{I want to say you befuddled him, Farzana, from the moment he discovered what you were reading until your offer to drop him. I want to say he'd forgotten his name, hence the (really) funny business with his passport. :)}

      Come now, Mark, surely you can be generous? Maybe he was charmed and not befuddled?!

      Nice thoughts on reading material on flights. I was once reading Levi-Strauss on the Delhi-Mumbai sector. The gentleman next to me (a corporate guy) asked, "So you like jeans?"

      {Interesting logic. Perhaps he came to regret it? :)}

      Logic is always regrettable ��

      But I guess the reason Eco spoke about not remembering all is also about selective nostalgia embellishing life.

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    2. Hi Farzana,

      >>Logic is always regrettable ??<<

      Well, maybe. Wouldn't it depend on how far it's taken?

      >>While Umberto Eco did want to turn the pages, perhaps as many as he could, he wasn't so keen on remembering a great deal about life: “The function of memory is not only to preserve, but also to throw away. If you remembered everything from your entire life, you would be sick.”<<

      Yours was impeccable -- or, rather, as impeccable as it gets. Yes, your Eco quote, "The function of memory is not only to preserve, but also to throw away. If you remembered everything from your entire life, you would be sick," certainly does suggest Eco himself "wasn't so keen on remembering a great deal about life." Indeed, who would want to be sick, reminded thus of foibles that, for some, and in hindsight, may well be nigh unto irrecoverably sick-making. Beyond sore disappointment -- beyond acute embarrassment. More like "crushing," as it might seem to some.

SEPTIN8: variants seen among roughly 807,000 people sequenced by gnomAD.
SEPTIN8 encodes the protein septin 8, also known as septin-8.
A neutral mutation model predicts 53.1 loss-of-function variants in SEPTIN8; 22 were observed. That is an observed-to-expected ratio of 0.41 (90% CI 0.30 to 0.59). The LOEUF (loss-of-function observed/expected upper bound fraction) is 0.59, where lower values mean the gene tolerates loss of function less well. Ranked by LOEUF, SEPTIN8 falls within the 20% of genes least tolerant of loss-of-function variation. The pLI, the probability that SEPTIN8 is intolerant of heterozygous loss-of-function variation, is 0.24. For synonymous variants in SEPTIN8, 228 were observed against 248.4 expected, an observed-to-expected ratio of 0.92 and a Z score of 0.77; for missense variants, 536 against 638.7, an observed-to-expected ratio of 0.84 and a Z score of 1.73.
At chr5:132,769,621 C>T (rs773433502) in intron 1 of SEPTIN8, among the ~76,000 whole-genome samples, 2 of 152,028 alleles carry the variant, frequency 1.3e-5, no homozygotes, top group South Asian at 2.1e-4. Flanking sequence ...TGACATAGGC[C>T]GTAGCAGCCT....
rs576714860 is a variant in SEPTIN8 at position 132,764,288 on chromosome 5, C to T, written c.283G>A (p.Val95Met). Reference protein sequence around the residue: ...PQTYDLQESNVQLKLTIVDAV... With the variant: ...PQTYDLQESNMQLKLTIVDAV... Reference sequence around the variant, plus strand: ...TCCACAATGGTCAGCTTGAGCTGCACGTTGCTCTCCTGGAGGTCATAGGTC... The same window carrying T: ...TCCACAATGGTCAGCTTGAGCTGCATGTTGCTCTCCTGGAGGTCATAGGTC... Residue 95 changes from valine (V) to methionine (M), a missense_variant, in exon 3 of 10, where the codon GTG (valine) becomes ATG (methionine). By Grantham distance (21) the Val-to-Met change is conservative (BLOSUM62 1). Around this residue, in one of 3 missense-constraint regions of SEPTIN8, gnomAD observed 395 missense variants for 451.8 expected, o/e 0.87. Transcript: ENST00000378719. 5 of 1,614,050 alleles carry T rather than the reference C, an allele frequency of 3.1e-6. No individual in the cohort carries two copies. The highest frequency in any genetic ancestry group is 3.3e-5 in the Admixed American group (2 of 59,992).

>>It is because we do not know what has been thrown away by memory that we don’t get sick. It is memory hiding from us our own memory that keeps us in fine fettle. If we knew, we’d be rummaging through the waste. I’m not sure whether it’s such a bad thing. The Umberto of my Delhi flight had probably been thrown away, but not entirely. For Umberto Eco resurrected him. In such renewal, both now live with a new dimension in my mind.<<

      Yes, Eco's suggestion that memory's function is "not only to preserve, but also to throw away" does imply some perhaps "autonomic" process lending to the retention and discarding of a memory -- maybe a matter of self-preservation in certain instances. Your point, however, seems to be that the "process" is not so much discarding -- "throwing away" -- in its literal sense as it is figuratively hiding, i.e. more in the sense of "out-of-sight; out-of-mind?"

      Regret seems a fairly common response to the sudden re-emergence into the foreground of a memory long (and if only inadvertently, carelessly, thoughtlessly) relegated to the background of one's internal canvas. It thus may also be that Eco simply neglected to articulate his thought with precision. Indeed, "throw away" where, exactly? :)

      M.